Sarasota Legislative Delegation advances local bill on incorporating Siesta Key
Image via Save Siesta Key

Siesta Key
If the bill becomes law, a referendum will be held in November 2024.

Sarasota lawmakers seem to be warming up to letting Siesta Key become a city.

The Sarasota County Legislative Delegation on Thursday advanced a bill to put an incorporation referendum on the 2024 General Election ballot.

That’s a shift from last year, when the legislative delegation nixed a local bill before it could be heard in Tallahassee. That may have as much to do with a change in make-up caused by redistricting. Regardless, it helped supporters clear a hurdle that proved impassable in 2022.

“We’ve been working for this a year,” said state Rep. Fiona McFarland, a Sarasota Republican. “Many of proponents of incorporation have been working for 20 years.”

But she stressed the work is not done. McFarland will carry the bill in the Legislature during the Legislative Session.

The bill last year fell to a divided delegation. But some of the opponents, including state Reps. Will Robinson and Tommy Gregory, no longer represent a portion of Sarasota County in the Legislature.

Meanwhile, state Rep. Mike Grant, a Port Charlotte Republican, now represents part of the county. He supported the referendum after supporters agreed any election that takes place should appear on a regular General Election ballot.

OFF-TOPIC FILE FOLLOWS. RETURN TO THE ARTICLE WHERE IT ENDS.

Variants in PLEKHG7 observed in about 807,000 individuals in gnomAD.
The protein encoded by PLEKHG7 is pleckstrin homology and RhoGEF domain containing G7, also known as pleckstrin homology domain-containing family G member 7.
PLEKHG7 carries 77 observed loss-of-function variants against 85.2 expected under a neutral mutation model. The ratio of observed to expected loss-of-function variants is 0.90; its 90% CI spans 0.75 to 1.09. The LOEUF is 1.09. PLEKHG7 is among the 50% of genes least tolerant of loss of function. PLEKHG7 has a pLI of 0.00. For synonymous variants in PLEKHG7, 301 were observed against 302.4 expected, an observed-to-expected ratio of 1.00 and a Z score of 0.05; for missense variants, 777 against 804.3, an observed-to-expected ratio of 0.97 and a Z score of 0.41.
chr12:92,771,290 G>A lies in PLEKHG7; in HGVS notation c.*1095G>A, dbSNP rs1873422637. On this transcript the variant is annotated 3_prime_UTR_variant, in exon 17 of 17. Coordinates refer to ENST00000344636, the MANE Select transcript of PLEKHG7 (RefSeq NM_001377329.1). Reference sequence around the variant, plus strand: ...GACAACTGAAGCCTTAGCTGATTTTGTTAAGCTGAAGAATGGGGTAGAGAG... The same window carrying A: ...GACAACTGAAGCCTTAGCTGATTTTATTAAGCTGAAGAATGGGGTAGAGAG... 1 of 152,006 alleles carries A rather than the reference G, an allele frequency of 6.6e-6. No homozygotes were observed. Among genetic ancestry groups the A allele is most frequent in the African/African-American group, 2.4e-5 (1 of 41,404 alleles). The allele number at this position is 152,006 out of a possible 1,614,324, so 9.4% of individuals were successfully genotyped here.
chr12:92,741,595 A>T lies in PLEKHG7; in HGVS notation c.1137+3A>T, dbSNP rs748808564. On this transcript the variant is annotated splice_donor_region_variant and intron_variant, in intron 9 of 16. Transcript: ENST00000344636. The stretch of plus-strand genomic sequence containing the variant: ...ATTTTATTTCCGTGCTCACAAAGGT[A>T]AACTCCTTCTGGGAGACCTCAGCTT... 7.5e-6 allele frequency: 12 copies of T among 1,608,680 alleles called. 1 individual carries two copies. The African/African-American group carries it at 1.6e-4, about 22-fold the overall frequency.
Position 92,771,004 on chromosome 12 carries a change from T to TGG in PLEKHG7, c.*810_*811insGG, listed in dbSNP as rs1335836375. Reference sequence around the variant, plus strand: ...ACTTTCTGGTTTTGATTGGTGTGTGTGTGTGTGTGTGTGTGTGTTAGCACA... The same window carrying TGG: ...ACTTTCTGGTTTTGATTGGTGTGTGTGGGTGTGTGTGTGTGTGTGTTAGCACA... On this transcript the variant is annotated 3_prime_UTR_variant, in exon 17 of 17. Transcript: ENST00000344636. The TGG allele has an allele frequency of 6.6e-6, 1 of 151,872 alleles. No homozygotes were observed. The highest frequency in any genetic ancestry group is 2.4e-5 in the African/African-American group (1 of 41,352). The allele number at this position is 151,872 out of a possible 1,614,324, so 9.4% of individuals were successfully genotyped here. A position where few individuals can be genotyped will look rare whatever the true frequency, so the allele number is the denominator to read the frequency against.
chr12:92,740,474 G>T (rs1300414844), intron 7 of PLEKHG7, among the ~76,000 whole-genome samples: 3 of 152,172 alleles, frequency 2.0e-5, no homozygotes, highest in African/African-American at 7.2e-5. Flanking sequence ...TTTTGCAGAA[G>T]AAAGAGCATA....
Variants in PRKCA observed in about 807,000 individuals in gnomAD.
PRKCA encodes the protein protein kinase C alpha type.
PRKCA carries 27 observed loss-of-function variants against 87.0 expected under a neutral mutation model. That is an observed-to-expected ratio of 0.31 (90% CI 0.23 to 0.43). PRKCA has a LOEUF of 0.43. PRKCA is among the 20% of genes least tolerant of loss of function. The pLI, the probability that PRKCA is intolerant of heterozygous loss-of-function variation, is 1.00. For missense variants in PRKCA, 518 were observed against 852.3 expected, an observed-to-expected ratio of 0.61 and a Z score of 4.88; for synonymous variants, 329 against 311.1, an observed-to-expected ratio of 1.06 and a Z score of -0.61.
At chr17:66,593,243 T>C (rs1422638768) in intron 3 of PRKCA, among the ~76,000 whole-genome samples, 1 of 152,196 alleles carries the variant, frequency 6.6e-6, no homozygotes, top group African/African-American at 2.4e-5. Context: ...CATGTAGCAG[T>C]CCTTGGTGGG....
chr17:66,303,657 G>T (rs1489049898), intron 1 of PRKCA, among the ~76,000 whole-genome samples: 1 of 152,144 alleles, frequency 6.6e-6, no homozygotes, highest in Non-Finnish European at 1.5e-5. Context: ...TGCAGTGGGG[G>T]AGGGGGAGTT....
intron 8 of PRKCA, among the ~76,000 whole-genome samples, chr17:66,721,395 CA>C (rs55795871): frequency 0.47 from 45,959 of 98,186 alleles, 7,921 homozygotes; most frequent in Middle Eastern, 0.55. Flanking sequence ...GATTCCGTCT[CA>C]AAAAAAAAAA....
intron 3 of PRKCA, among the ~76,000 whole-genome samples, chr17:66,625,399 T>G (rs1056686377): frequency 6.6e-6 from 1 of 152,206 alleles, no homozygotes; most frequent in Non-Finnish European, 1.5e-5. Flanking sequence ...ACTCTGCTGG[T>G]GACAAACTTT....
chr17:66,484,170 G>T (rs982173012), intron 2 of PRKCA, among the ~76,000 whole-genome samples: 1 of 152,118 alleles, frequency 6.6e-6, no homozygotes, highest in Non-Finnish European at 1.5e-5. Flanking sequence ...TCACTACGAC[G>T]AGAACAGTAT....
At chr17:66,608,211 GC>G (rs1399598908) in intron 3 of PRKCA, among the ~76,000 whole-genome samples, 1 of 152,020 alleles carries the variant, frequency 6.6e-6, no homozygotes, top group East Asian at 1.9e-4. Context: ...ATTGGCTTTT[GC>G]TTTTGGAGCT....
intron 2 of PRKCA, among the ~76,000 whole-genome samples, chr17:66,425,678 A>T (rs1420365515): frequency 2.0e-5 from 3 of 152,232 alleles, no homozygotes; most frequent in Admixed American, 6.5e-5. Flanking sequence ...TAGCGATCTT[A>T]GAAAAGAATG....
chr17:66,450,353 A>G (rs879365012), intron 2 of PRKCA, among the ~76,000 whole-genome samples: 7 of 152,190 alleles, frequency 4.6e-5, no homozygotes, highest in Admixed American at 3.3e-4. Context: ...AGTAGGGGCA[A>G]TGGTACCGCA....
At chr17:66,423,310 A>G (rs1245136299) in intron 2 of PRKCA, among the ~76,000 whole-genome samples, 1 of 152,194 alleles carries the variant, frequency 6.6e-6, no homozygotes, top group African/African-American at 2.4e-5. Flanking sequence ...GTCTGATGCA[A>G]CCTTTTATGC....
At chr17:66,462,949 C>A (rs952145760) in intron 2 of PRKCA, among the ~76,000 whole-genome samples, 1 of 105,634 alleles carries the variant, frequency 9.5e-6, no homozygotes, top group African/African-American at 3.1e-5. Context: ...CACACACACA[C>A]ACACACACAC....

He praised a straw poll conducted by the group that found support from a greater number of residents than turns out in most elections.

“I wanted to make sure everybody had (the) opportunity to vote in the general election,” Grant said.

State Rep. James Buchanan, a Venice Republican, remained opposed to the measure. He praised advocates for working to address lawmaker concerns. But he also said he has some qualms himself that go to the fundamental idea of incorporating the key.

The most important, he said, was the proximity of proposed city limits to the City of Sarasota, which already includes the northernmost portion of Siesta Key in its municipal boundaries. That part of the island community will remain in Sarasota even if the rest of the island becomes its own separate city.

“But you have worked in good faith and are continuing to make the bill better,” he said.

Sen. Joe Gruters, a Sarasota Republican, said he’s confident the effort will continue to find success.

“You deserve a lot of credit for (the) groundwork you laid, and hope fellow members will push this forward,” he said.

Jacob Ogles

Jacob Ogles has covered politics in Florida since 2000 for regional outlets including SRQ Magazine in Sarasota, The News-Press in Fort Myers and The Daily Commercial in Leesburg. His work has appeared nationally in The Advocate, Wired and other publications. Events like SRQ’s Where The Votes Are workshops made Ogles one of Southwest Florida’s most respected political analysts, and outlets like WWSB ABC 7 and WSRQ Sarasota have featured his insights. He can be reached at [email protected].


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